Blepharoplasty (eyelid surgery) is a plastic surgery procedure for correcting sagging, drooping, tired looking eyelids. The eyelid, because its skin is much thinner than that in other parts of the face, is often one of the first facial areas to exhibit signs of aging. Eyelids that sag or droop can affect peripheral vision, making daily activities such as driving more difficult. Blepharoplasty may become necessary when various factors, which include aging, sun damage, smoking and obesity, cause the muscles and tissue that support the eyelids to weaken.
Blepharoplasty tightens the eyelid's muscles and tissue, and removes excess fat and skin. Blepharoplasty eliminates the drooping of skin into the visual field, greatly improving peripheral vision. It is also performed for strictly cosmetic reasons.
Blepharoplasty can be performed on either the upper or lower eyelid, or on both, for cosmetic purposes. For a lower eyelid that needs fat rather than skin removed, a transconjunctival blepharoplasty is performed. During transconjunctival blepharoplasty, an incision is made inside the lower eyelid, so there are no visible scars, and the fat is removed. This procedure has no effect on vision, but results in a person looking younger and more refreshed.
If the eyelids begin sagging into the field of vision, a functional blepharoplasty may be required. The procedure may be covered by medical insurance if it is deemed medically necessary. A determination of how much vision is affected is done by checking the peripheral visual field with an instrument called the Humphrey Visual Field (HVF) Analyzer.
It is important for a patient to have realistic expectations before undergoing cosmetic blepharoplasty. Although the procedure can enhance appearance and improve self-confidence, it does not radically alter the face.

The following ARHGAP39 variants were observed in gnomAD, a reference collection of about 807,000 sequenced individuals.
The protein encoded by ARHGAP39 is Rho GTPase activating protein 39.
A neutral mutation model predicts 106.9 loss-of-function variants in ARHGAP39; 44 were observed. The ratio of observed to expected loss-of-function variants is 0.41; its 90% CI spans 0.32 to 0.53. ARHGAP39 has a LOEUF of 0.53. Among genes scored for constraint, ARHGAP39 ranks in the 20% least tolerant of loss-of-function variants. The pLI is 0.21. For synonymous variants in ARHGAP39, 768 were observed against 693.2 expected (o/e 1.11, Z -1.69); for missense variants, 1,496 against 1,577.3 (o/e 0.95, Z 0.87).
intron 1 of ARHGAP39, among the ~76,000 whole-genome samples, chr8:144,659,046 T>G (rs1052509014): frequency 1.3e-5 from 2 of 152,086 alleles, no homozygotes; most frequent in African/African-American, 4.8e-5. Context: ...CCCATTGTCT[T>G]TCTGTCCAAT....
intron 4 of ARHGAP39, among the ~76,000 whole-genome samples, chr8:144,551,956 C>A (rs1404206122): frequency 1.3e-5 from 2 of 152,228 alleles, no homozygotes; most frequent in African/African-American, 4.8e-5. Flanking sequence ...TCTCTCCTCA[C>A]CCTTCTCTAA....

The best candidates for blepharoplasty are those who are in good overall health, and do not have any serious eye conditions.
Blepharoplasty is typically performed as an outpatient procedure requiring local anesthesia or sedation. General anesthesia may be used for those who prefer to be asleep. Patients can choose to have this procedure on their upper or lower eyelids, or both. The procedure can take anywhere from 45 minutes to one hour.
If the upper eyelid is being operated on, an incision is typically made along its natural crease. Once the incision is made, fat deposits are repositioned or removed, muscles and tissue are tightened, and excess skin is removed.
For transconjunctival blepharoplasty, an incision is made inside the lower eyelid, so there are no visible scars, and the fat is removed.
For the traditional lower eyelid surgery, an incision is made just below the lash line so that excess skin can be removed. Once healed, the scar is usually not visible.
After the procedure, the incisions are closed with one easily removed suture.
After blepharoplasty, patients may be advised to apply lubricating drops/ointment and cold compresses to aid in healing and minimize bruising. Most patients return to work within a few days to a week, but should avoid exercise and strenuous activities for at least two weeks. Most swelling and other side effects typically subside within two weeks. Contact lenses may be worn when comfortable, usually 1-2 weeks after surgery. You can hide most bruising with camouflage makeup after a few days. As a courtesy, our aesthetician Anne-Marie will show you how this is done. Although there may be swelling and bruising around the surgical site, it will subside on its own. The scars from blepharoplasty are well-concealed, and usually fade with time until they are virtually undetectable. Although the eyelids are still subject to aging, blepharoplasty produces long-lasting results.
As with any surgery, there are some risks involved. Your doctor will explain these to you during your consultation.